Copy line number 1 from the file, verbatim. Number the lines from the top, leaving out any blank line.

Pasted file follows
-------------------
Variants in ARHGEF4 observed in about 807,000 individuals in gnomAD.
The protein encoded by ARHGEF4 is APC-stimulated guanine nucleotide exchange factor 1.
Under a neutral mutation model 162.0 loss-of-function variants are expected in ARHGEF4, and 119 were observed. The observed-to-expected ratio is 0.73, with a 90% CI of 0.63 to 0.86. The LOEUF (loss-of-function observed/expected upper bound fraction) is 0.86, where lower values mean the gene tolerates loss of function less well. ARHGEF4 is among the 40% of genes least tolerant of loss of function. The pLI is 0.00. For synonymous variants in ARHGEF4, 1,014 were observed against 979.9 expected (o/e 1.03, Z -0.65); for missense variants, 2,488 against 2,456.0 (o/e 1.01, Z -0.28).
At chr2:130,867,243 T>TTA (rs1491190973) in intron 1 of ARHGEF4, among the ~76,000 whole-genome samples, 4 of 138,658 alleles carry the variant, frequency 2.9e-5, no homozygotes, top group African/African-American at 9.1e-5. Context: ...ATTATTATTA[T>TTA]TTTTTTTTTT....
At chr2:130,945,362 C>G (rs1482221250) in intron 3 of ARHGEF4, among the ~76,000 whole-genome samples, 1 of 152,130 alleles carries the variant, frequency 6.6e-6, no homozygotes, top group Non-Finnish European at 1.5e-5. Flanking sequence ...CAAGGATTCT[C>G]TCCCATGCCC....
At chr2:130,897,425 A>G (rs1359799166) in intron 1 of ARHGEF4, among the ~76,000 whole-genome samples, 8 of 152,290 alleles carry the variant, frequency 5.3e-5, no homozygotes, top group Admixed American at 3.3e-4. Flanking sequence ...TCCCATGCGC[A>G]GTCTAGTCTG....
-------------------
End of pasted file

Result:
Variants in ARHGEF4 observed in about 807,000 individuals in gnomAD.